And we call them uncivilized.
Yeah whatever.



posted on May, 14 2012 @ 07:34 AM
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I highly doubt anyone is resigning for fear of discipline or any other reason.

These guys all know their positions are relatively short term:
1 - Get in
2 - Make as much money as possible by any means necessary
3 - Get out before things collapse

Easy as that.



posted on May, 14 2012 @ 03:31 PM
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When I first learn about that yesterday, I thought this must has some relationship with NWO. Then I red JP Morgan was very averse to risk and didn't lose as much as the others during the crisis.
So, how come this very easy to avoid mistake now ???

The answer I think was what I heard after, saying the misconduct has reinstated the discussion about more regulations. I realize this event may be use to support establishing a much more strong and centralized Government who also controls the finance and banks. This isn't a problem for the bank owners who already determine the government decisions.



posted on May, 14 2012 @ 03:45 PM
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JPM, the folks that invented the CDO. Looks like it finally bit them also.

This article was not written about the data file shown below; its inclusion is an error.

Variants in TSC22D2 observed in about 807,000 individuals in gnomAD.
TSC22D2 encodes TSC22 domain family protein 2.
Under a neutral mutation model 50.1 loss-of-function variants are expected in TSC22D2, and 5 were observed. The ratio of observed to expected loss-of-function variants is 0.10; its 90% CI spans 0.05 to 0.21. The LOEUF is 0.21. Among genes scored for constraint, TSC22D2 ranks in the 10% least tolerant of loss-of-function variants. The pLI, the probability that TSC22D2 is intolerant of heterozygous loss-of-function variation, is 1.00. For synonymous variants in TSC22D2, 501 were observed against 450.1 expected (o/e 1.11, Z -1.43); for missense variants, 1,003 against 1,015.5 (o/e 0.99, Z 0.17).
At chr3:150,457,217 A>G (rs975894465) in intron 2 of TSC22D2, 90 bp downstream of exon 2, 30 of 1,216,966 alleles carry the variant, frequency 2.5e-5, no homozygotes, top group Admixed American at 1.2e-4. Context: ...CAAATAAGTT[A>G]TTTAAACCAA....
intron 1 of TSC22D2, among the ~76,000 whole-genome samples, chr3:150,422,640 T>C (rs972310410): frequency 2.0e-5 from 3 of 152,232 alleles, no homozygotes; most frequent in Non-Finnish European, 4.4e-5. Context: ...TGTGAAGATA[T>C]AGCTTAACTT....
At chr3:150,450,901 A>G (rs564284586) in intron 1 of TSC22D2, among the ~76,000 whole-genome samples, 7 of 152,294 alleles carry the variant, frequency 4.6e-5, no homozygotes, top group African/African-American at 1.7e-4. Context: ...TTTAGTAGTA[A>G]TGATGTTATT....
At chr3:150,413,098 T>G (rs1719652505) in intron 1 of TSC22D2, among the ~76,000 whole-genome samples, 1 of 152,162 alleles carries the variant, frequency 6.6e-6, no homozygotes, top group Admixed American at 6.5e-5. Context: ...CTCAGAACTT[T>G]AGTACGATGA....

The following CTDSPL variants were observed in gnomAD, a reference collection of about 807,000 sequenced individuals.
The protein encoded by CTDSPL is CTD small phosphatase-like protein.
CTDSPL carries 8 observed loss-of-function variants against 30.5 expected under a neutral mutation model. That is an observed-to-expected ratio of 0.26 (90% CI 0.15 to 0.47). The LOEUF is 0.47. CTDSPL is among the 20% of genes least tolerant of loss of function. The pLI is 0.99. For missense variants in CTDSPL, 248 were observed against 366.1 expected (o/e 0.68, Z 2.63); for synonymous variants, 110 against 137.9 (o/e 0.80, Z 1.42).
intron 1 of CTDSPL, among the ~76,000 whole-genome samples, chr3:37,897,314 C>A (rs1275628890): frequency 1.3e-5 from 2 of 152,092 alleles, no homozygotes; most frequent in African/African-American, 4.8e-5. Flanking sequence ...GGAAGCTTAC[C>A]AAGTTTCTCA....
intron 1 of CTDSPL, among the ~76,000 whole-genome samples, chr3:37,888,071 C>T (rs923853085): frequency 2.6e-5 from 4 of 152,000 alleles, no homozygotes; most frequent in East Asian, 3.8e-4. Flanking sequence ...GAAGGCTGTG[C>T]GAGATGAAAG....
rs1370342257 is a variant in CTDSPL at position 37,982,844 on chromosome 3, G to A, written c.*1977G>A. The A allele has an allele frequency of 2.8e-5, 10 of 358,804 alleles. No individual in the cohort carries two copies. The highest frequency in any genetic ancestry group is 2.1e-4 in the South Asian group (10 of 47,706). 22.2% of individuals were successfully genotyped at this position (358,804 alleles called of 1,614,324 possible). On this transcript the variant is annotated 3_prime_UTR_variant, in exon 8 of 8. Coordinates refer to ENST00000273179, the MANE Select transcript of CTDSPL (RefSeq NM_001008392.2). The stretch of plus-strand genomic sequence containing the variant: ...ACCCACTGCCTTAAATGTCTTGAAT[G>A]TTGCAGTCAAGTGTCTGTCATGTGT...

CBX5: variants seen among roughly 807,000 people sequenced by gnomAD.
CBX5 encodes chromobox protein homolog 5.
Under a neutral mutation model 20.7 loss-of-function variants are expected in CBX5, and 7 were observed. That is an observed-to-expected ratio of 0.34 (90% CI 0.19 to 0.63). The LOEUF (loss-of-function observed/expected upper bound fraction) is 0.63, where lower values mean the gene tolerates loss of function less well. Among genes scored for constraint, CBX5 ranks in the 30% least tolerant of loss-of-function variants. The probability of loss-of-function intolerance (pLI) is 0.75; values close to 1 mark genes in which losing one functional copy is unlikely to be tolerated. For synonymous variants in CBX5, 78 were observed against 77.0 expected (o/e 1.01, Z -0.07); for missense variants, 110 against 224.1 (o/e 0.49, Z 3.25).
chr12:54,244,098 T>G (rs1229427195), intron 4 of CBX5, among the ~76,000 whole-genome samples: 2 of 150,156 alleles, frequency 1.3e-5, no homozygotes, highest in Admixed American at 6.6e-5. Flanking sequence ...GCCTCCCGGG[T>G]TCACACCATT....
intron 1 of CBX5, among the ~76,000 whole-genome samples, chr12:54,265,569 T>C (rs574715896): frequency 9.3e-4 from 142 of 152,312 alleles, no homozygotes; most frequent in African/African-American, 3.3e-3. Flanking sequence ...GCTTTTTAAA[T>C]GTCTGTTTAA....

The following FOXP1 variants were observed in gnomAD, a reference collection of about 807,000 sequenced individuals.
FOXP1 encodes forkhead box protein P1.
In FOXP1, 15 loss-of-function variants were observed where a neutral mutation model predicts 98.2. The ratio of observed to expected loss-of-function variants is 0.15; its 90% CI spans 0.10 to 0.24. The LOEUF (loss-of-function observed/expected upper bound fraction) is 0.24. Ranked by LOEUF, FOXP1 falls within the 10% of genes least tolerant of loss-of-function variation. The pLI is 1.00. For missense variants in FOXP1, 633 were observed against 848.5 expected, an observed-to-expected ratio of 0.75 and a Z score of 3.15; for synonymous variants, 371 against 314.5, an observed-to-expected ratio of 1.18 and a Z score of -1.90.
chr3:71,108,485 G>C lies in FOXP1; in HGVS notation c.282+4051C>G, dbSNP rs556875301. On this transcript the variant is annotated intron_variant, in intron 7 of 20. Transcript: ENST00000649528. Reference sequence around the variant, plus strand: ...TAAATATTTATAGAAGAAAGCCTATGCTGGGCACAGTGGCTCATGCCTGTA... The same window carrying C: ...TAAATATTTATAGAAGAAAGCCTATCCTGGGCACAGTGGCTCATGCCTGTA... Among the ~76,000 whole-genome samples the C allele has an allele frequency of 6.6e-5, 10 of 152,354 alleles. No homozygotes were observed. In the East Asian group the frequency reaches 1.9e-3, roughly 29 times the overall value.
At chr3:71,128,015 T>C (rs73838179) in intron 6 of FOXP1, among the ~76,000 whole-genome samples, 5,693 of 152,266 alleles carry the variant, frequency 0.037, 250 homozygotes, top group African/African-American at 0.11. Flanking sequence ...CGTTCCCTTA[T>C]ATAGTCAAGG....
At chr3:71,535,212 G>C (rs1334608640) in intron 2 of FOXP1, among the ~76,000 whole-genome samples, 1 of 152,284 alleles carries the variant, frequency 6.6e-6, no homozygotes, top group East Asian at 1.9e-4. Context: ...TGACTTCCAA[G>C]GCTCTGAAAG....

posted on May, 14 2012 @ 04:26 PM
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During the recovery after the 2008 stock market crash the regulators allowed the banks to use any tactic you could think of to reflate the stock indexes. Pretty simple strategy used here, Ms Drew just had her London proxy make hedge trades, then moved the market with the JP Morgan billions to make those trades profitable. Many banks have been doing this and it is easy to trace the trades back to their sources.

The only reason it didn't work this time was that the WSJ and a couple other financial papers printed stories targeting her "London Whale" proxy. The market regulators needed a big loss like this by a major bank as an excuse to create tighter market regulation so the regulators probably helped set Drew up. JP Morgan investors lost 15 billion, Ina Drew will likely retire with her millions laughing all the way to her private Caribbean island somewhere.

People at that level don't feel guilt. They were working a gambling strategy for the bank and they busted. Happens all the time, only the little people have to pay back gambling losses.

Ina Drew has been trying to resign since the April 5th whale stories came out but the JP Morgan officials are probably playing the "sober cannibal" role. They waited till last Thursday and could have shorted their own stock in advance of the announcement. I wonder if there will be any follow through later in the week?
edit on 14-5-2012 by Cauliflower because: (no reason given)



posted on May, 15 2012 @ 12:32 PM
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Yesterday I saw this video on Fox News showing the strong ties between Wall Street and Obama. I hope this can wake people up.

www.youtube.com...